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The Swiss terrorist who worked for the CIA

Verbombtes Gebäude
The Radio Free Europe broadcasting building in Munich after the bomb attack on February 21, 1981. Richard H. Cummings / zvg RFE/RL

Swiss left-wing extremist Bruno Breguet belonged to the notorious terrorist group led by Carlos the Jackal. New evidence shows that Breguet ended up as an agent for the CIA, the US intelligence agency.

On November 12, 1995, Breguet disappeared from a ferry in the Mediterranean. The day before he had been refused entry at the port of Ancona. As a known political extremist, he wasn’t welcome in Italy. Breguet was forced to sail back to Greece – witnesses saw him on board that night. But when the ship docked in Igoumenitsa the next day, he was missing, and rumours and speculation soon spread about what had happened to him.

Who was this largely forgotten native of Ticino, southern Switzerland, whom the Swiss media still described in 2003 as a “top terrorist”?

Breguet, born in 1950, grew up in Minusio on the shores of Lake Maggiore. In February 1969, when the Popular Front for the Liberation of Palestine (PFLP) launched an attack on an airliner belonging to Israeli airline El Al at Zurich airport, the Middle East conflict suddenly came home to Switzerland.


As the perpetrators went on trial in Winterthur, Breguet went through a process of radicalisation. He came to view the fate of the Palestinian refugees as a monumental injustice. Like many of the 1968 generation he read Mao and Che Guevara, and he saw the Palestinian fighters as a vanguard on the way to world revolution.

In 1970 Breguet travelled to Lebanon and received military training at a camp run by the PFLP which was supposed to prepare him for a mission in Israel. Breguet had volunteered for a bomb attack. The target was the Shalom Tower, a Tel Aviv landmark and at the time the tallest building in the Middle East. But the Israelis caught him in the port of Haifa with two kilogrammes of explosives. A military court sentenced him to 15 years in jail.

By 1977 Breguet was free again. His early release was due to diplomatic initiatives by the Swiss government but also to an international campaign of solidarity that was supported by literary figures such as Jean-Paul Sartre, Simone de Beauvoir, Günther Grass, Max Frisch and Friedrich Dürrenmatt.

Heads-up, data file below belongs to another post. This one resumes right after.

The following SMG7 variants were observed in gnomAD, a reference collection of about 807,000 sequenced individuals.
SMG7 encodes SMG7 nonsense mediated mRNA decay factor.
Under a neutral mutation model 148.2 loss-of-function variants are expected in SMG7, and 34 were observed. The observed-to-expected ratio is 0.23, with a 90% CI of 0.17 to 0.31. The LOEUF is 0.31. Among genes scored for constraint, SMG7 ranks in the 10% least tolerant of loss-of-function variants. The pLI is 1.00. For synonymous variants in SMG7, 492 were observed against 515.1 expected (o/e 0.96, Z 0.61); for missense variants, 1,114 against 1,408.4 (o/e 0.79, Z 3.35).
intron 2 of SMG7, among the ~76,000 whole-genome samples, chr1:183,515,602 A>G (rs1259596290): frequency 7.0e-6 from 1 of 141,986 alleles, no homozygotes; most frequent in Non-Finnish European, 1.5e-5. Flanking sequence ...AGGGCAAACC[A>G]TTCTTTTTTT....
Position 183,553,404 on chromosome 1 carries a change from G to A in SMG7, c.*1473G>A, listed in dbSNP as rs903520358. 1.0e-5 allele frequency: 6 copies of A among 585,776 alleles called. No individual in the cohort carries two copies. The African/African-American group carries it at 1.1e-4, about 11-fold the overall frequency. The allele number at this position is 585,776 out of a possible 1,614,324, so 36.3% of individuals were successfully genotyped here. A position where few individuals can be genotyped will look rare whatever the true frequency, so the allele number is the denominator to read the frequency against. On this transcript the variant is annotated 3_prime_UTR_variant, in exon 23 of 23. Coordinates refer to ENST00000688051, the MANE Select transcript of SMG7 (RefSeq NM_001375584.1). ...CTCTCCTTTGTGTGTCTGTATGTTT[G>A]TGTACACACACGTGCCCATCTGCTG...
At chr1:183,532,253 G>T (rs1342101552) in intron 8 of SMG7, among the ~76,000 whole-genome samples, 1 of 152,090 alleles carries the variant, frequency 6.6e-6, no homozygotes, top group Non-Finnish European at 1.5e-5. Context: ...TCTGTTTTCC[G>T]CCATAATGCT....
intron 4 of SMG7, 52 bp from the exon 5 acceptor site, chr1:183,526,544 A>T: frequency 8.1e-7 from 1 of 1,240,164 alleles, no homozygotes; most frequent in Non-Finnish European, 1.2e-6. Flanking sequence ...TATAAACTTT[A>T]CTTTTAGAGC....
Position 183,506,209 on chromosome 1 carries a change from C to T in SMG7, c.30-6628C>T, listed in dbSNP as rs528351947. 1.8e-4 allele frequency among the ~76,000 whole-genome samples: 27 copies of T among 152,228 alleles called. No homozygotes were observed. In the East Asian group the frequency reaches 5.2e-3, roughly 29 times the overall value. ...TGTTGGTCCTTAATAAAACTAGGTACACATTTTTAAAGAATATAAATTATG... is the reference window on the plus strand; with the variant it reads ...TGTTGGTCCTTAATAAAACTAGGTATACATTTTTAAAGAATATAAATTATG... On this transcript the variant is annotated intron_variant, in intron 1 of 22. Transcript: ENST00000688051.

In league with the Jackal

Determined to resume the armed struggle, Breguet later joined the group led by Ilich Ramírez Sánchez, known as Carlos the Jackal. The Venezuelan had been the world’s most wanted terrorist since 1975, when he led a commando raid on the offices of the Organization of the Petroleum Exporting Countries (OPEC) in Vienna and took 11 oil ministers hostage. By the end of the 1970s he was able to start his own terror organisation, which he recruited mainly from former PFLP fighters and left-wing extremists from the Revolutionary Cells group in West Germany.

Bruno Breguet und Freunde
Bruno Breguet gives a press conference at the Zurich “Cooperativo” after his return from Israeli custody in June 1977. Keystone

In league with the Jackal, Breguet’s ideals soon evaporated. Carlos’s group was officially dedicated to the cause of world revolution and proposed to “make war on imperialism in all its forms”, as the Stasi, the East German secret police, noted. But it was really more like a criminal gang with a revolutionary veneer. The prime aim was to amass a fortune through protection racketeering, gun-running and contract killings on behalf of Arab despots.

Carlos and his friends even found themselves working for the Romanian secret service. In February 1981 his organisation, together with extremists belonging to the Basque group ETA, launched a bomb attack on Radio Free Europe in Munich. This American propaganda station broadcasting to the countries behind the Iron Curtain was an annoyance to the Romanian dictator Nicolae Ceaușescu in particular. Top-secret documents from Eastern European archives and statements from a former comrade later incriminated Breguet. It seems he was the one who remotely detonated the bomb. It was sheer good luck that no one was killed.